Endocrine Abstracts (2008) 16 P35

Glucocorticoids and body fat are associated with urinary excretion rates of uric acid and oxalate, but not of calcium in healthy children

Lijie Shi1, Shoma Berkemeyer1, Annette Buyken1, Christiane Maser-Gluth2 & Thomas Remer1


1Research Institute of Child Nutrition, Dortmund, Germany; 2Department of Pharmacology, University of Heidelberg, Heidelberg, Germany.


Background: In patients with hypercortisolism, who are frequently obese, the prevalence of urolithiasis is increased and urinary excretion rates of calcium (Ca), oxalate (Ox), and uric acid (UA) are regularly elevated. In the present study, we examined whether these lithogenic factors are already associated with dietary intakes, body fat, and cortisol metabolites in free-living children.

Methods: In 24-h urine samples of healthy children (150 boys, 150 girls, aged 4–14 years) urinary free cortisol (UFF), cortisone (UFE), the sum of 3 major glucocorticoid metabolites (GC3) as well as Ca, Ox, UA and net acid excretion (NAE) were determined cross-sectionally along with relevant nutritional and anthropometric parameters. Potentially-bioactive-free-glucocorticoids were assessed as UFF+UFE and adrenal glucocorticoid secretion as GC3. Associations of diet, percent body fat (%BF) and glucocorticoids with outcome variables were examined in multiple regression models adjusted for sex, age, height, growth velocity and total energy intake.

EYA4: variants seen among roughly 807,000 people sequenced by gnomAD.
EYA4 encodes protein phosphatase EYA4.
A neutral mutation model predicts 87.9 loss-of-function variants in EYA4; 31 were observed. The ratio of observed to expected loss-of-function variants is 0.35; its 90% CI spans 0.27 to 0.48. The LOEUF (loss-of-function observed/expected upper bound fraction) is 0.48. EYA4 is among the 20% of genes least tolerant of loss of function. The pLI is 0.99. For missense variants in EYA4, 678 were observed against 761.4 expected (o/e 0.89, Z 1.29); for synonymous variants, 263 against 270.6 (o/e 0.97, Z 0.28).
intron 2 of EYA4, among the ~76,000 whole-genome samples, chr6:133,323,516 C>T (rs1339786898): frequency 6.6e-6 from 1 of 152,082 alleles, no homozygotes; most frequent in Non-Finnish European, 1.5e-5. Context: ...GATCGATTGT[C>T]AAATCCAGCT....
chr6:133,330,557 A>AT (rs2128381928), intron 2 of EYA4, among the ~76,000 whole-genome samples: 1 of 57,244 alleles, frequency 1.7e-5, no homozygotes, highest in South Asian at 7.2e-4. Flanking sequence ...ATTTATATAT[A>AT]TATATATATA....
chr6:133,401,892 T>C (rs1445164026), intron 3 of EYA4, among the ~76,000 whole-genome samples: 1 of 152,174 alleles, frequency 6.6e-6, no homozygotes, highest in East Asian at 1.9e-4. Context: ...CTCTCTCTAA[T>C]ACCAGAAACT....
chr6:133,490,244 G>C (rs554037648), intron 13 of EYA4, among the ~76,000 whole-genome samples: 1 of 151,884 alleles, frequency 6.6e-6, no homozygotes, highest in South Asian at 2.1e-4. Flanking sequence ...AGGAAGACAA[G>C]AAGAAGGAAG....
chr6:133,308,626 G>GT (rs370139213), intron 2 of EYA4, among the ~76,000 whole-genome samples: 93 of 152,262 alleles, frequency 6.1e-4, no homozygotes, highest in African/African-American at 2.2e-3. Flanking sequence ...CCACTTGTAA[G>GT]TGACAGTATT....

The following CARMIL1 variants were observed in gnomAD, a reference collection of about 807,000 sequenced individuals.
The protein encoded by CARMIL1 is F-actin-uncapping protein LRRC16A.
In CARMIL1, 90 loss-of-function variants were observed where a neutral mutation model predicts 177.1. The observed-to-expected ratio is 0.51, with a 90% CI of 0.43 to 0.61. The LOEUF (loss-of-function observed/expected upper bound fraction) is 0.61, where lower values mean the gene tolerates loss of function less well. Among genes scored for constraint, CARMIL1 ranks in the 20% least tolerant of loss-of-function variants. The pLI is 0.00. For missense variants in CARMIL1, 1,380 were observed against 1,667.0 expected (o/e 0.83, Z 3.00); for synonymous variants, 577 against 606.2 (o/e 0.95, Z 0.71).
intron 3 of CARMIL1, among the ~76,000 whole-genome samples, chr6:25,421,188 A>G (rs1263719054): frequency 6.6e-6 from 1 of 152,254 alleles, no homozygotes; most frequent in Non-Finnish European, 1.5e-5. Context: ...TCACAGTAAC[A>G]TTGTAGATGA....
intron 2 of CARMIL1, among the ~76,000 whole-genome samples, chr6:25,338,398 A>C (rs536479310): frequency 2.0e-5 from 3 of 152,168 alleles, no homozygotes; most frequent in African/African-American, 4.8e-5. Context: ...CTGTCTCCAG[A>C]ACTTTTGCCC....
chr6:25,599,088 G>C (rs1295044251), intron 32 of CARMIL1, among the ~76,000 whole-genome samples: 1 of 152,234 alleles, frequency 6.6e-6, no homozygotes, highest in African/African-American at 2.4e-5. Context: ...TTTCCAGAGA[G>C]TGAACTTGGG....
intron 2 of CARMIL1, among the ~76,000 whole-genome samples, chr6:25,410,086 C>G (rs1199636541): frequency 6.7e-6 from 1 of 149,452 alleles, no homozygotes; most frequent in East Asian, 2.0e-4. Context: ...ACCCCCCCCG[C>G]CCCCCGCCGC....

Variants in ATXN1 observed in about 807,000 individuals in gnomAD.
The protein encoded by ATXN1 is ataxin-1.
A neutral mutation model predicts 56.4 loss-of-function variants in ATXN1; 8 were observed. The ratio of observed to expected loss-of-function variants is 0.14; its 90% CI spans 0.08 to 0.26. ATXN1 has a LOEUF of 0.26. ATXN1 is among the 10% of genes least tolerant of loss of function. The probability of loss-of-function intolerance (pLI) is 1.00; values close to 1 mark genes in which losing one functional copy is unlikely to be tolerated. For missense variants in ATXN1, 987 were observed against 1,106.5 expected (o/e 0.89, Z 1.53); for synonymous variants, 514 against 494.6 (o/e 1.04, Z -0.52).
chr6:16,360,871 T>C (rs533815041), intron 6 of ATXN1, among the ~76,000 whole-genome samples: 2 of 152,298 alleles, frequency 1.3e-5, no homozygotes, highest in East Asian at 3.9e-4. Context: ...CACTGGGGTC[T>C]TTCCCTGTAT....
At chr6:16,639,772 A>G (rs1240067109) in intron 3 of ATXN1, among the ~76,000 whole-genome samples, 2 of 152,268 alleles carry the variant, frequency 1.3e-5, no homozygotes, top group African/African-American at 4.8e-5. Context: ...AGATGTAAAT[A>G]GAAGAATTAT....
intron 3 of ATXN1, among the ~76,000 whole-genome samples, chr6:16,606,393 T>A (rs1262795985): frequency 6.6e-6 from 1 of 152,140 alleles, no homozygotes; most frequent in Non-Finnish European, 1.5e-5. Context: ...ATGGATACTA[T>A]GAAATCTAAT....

Results: Positive associations with the urinary outcomes Ca, Ox, and UA were observed for the nutritional factors Ca, fiber, and protein intake, respectively, for sodium intake (outcomes: Ca, UA), and for the indicator of dietary acid load NAE (outcomes: Ca, Ox, UA). %BF and cortisol secretion (GC3) were both positive predictors of UA and Ox. Of all dietary and hormonal variables, UFF+UFE explained most of the variation (partial R2=0.08, P<0.0001) of urinary UA and also part of the variation of Ox (partial R2=0.02, P<0.05), but none of Ca.

Conclusion: Apart from the known nutritional determinants, such as protein and sodium intake, also dietary acid load and increased body fatness appear to affect urinary Ca, Ox and UA. Additionally, higher potentially-bioactive-free-glucocorticoids, even in the physiological range, may contribute to stone forming risk via elevations in UA and Ox, but not Ca.

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